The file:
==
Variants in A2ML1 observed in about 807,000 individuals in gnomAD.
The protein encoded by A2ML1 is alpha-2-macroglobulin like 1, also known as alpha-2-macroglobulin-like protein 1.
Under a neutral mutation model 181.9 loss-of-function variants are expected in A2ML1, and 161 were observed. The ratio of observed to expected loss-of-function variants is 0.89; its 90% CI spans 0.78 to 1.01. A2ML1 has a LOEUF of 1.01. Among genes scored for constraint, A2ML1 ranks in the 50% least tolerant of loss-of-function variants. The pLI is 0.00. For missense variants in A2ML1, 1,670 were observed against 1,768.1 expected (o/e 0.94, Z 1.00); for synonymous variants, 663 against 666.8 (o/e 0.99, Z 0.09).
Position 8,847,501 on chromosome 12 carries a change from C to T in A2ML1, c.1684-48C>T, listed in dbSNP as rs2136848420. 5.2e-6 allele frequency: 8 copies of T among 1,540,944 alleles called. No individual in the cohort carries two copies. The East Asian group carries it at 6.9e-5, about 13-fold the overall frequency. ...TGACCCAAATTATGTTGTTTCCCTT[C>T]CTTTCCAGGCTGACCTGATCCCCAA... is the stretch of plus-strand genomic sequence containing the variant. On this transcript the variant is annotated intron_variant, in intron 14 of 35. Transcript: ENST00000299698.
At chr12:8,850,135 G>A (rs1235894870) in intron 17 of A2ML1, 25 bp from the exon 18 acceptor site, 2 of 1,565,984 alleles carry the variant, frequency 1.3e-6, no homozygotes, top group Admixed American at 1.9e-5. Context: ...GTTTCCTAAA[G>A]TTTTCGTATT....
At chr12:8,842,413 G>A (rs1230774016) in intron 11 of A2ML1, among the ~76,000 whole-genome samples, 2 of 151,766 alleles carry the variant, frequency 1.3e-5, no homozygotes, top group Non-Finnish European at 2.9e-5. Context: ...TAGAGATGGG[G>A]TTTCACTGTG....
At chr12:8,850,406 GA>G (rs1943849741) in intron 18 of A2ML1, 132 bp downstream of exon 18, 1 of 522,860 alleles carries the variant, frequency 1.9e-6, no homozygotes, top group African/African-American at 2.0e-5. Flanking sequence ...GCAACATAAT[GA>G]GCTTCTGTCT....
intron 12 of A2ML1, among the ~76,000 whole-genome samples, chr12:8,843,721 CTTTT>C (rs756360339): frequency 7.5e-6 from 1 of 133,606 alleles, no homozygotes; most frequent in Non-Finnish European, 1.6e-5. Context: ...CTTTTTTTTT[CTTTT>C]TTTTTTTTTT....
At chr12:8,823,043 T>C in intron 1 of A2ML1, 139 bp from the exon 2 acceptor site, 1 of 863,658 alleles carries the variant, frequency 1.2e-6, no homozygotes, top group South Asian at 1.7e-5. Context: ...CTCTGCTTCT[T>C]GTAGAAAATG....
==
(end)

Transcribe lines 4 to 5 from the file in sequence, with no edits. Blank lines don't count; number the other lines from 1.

Position 8,847,501 on chromosome 12 carries a change from C to T in A2ML1, c.1684-48C>T, listed in dbSNP as rs2136848420. 5.2e-6 allele frequency: 8 copies of T among 1,540,944 alleles called. No individual in the cohort carries two copies. The East Asian group carries it at 6.9e-5, about 13-fold the overall frequency. ...TGACCCAAATTATGTTGTTTCCCTT[C>T]CTTTCCAGGCTGACCTGATCCCCAA... is the stretch of plus-strand genomic sequence containing the variant. On this transcript the variant is annotated intron_variant, in intron 14 of 35. Transcript: ENST00000299698.
At chr12:8,850,135 G>A (rs1235894870) in intron 17 of A2ML1, 25 bp from the exon 18 acceptor site, 2 of 1,565,984 alleles carry the variant, frequency 1.3e-6, no homozygotes, top group Admixed American at 1.9e-5. Context: ...GTTTCCTAAA[G>A]TTTTCGTATT....